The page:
Allan Bryant’s Pitch Out

MEV

Alvin Bryant was a founding member of Musica Elettronica Viva. This amazing recording of three guitars with electronics is his first solo gesture, proceeding his 1977 LP Space Guitars by a number of years. It was released with an issue of Source: Music Of The Avant-garde – one of the most important music periodicals of the 60’s and 70’s. Their 10″ releases are often regarded as high water marks in the avant-garde. Alvin Lucier’s I Am Sitting In A Room, Robert Ashley’s The Wolfman, David Behrman’s Wave Train and Alvin Curran’s Magic Carpet, all entered the world with issues of Source. Pitch Out features Barbara Bryant, Carol Plantamura, and Frederic Rzewski on guitars, and is absolutely stunning. Stop what you’re doing and give it the 18 minutes it deserves.

maybe the best thing ever (stephen cheng’s always together)

I took the long way around, but I’ve become a serious fan (and collector) of Rocksteady. I also love strange musical hybrids. Rocksteady itself is hybrid form of earlier Jamaican musics, with American R&B and Soul. Stephen Cheng’s Always Together is another thing. Made sometime in the mid to late 60’s for the Chinese immigrant population in Kingston, it’s unlike anything I’ve ever heard. Rocksteady with Chinese vocals and phrasing. It’s killer. The vocals were apparently drawn from the traditional Taiwanese folk song featured bellow.  The original is rare as hell, but it’s recently been reissued if you need it for yourself.

 

Continue reading “maybe the best thing ever (stephen cheng’s always together)”

photos from roscoe mitchell + john edwards + mark sanders @ Cafe Oto 10/27/15 + 10/28/15

photos from roscoe mitchell + john edwards + mark sanders @ Cafe Oto 10/27/15 + 10/28/15

I make no mystery of my deep affection for Roscoe Mitchell. It was an encounter with the Art Ensemble of Chicago during my teens, that planted the seeds for my lifelong love of Free-Jazz. I’ve gone out of my way to see him play, at every available chance, for the last 20 years. The man is astounding. I can’t think of a better living saxophonist. When I returned to London a few months back, after two years in New York, I was feeling starved for all the wonders that transpire within the walls of Cafe Oto. I noticed that Roscoe was playing two consecutive nights with John Edwards and Mark Sanders – two of the brightest lights in European Free-Jazz, and jumped at the chance. I don’t take pictures at gigs often, but after arriving at the first evening, I realized my camera was in my bag, and figured what the hell. Both nights were mind-melting. Roscoe was in top form, as were his Edwards and Sanders. They locked together and cracked apart in perfect harmony. The power of their playing was overwhelming. On both nights Roscoe displayed some of the most incredible circle breathing I’ve ever witnessed – stretching toward the half hour mark with rippling drones.  If you find him coming your way, drop everything. These are the images I took over both nights. They’re a little jumbled up. I decided to let them lay where they fell. They could never do the music justice, but I hope you enjoy.    Continue reading “photos from roscoe mitchell + john edwards + mark sanders @ Cafe Oto 10/27/15 + 10/28/15”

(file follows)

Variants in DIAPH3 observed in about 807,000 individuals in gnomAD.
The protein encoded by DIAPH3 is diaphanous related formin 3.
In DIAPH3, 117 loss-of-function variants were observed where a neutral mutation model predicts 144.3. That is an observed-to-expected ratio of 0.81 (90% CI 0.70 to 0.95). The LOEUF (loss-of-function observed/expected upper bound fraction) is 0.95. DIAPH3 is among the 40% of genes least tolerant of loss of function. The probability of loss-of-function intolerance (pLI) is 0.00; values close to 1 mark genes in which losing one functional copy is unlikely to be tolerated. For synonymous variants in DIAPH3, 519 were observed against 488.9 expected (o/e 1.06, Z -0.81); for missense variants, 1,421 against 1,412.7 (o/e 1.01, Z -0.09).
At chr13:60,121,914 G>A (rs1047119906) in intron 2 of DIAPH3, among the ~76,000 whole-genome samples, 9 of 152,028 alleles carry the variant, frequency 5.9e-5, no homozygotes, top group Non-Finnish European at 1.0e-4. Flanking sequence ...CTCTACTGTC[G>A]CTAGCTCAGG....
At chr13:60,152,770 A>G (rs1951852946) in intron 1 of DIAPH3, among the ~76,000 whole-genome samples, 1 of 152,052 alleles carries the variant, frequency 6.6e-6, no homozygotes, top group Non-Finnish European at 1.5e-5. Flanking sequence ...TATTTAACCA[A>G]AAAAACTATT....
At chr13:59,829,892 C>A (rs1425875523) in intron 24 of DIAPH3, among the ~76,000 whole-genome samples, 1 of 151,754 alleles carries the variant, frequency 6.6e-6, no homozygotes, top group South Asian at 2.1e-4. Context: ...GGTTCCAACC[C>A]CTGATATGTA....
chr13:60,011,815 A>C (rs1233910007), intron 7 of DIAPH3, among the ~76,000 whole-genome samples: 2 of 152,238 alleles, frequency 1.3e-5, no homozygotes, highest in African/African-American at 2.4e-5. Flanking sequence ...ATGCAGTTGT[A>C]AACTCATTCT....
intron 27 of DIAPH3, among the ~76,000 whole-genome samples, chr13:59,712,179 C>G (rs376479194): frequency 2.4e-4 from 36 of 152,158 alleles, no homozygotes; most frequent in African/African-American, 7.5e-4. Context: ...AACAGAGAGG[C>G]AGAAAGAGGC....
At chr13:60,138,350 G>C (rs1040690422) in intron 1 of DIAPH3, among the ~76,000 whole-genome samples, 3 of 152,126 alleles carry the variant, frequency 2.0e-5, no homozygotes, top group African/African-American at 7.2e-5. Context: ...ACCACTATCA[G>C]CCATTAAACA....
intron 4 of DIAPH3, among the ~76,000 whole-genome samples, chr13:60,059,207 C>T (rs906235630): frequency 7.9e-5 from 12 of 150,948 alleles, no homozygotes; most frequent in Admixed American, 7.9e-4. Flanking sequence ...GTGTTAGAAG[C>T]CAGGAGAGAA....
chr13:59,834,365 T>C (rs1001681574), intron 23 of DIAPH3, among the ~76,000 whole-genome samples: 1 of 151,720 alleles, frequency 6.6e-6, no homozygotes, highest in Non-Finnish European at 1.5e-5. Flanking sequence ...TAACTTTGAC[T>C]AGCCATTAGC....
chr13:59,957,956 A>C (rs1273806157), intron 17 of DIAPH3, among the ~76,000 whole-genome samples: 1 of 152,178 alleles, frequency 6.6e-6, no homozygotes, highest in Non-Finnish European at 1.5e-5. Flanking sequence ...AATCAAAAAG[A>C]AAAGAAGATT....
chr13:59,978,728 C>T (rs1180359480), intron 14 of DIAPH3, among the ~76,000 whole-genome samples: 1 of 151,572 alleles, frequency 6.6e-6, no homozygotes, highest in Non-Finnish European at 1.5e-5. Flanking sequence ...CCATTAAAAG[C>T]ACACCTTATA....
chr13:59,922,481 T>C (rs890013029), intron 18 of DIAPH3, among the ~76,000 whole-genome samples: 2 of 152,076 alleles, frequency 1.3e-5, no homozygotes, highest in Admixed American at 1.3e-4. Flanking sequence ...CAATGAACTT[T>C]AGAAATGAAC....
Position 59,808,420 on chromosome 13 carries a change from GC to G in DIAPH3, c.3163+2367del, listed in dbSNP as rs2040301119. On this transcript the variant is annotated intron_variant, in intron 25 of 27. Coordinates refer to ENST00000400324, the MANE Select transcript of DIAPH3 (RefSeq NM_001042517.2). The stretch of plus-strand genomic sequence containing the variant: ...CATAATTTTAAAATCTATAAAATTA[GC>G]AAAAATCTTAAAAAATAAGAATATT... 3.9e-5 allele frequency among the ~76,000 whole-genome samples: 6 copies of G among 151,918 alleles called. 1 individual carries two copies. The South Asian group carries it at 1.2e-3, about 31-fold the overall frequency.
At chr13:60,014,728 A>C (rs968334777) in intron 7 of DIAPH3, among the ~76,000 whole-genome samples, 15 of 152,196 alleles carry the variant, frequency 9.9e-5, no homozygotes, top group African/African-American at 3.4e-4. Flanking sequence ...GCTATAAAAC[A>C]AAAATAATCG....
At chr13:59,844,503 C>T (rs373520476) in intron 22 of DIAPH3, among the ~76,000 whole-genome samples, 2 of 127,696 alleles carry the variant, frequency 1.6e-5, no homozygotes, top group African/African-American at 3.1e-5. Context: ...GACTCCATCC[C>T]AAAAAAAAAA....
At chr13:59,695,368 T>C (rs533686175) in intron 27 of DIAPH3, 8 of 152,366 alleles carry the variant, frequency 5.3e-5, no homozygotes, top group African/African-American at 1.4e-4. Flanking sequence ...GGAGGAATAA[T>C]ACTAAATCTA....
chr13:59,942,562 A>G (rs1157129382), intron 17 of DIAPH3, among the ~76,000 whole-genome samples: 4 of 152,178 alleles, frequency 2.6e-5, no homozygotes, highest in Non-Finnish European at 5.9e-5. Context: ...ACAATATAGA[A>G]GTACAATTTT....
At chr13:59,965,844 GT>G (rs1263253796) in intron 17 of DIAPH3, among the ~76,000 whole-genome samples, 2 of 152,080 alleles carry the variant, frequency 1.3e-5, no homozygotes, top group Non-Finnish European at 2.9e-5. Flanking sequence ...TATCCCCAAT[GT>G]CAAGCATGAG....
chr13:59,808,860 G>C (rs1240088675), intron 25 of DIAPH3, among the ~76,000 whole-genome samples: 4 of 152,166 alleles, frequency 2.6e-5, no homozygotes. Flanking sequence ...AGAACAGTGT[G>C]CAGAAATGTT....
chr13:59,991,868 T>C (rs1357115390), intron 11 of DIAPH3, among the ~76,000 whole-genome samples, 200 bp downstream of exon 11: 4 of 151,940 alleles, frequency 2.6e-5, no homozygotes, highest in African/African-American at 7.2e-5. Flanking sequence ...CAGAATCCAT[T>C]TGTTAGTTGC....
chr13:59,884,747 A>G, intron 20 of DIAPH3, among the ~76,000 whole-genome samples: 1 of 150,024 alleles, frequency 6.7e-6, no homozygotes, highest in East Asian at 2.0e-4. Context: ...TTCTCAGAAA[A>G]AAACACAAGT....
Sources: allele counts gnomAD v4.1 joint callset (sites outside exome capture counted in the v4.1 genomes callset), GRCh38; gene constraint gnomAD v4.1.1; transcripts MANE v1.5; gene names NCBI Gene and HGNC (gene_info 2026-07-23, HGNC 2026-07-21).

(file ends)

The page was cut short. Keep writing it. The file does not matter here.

derek bailey’s on the edge: improvisation in music (1,2,3,4)

derek bailey’s on the edge: improvisation in music (1,2,3,4)

On the Edge: Improvisation in Music was produced for the British television in 1992, by Chanel 4. The four part mini series was written and produced by Derek Bailey. It’s a visual extension of his seminal book Improvisation: Its Nature And Practice In Music, and is wonderful. Bailey, who in my opinion was one of the most important musicians ever to have emerged from Britain, was well know for his advocation of improvisation as an art form, his belief in active listening, and of music as a live idiom. He was often regarded as cranky and cantankerous, but comes off as charming, and incredibly articulate in the series. What’s particularly important, is that Bailey’s argument is not structured to advocate his generation’s practice, but rather toward the importance of improvisation in the broadest sense. He addresses Jazz, music from diverse cultures from across the world, blues, rock, the gestures of children and beyond. Like many great artists, his hope was to help change how people saw the world, and what was possible. It’s a wonderful journey through the possibility of creation. It blows my mind that Bailey convinced anyone to let him make it, but here it is. All four part after the jump. Highly recommended! Continue reading “derek bailey’s on the edge: improvisation in music (1,2,3,4)”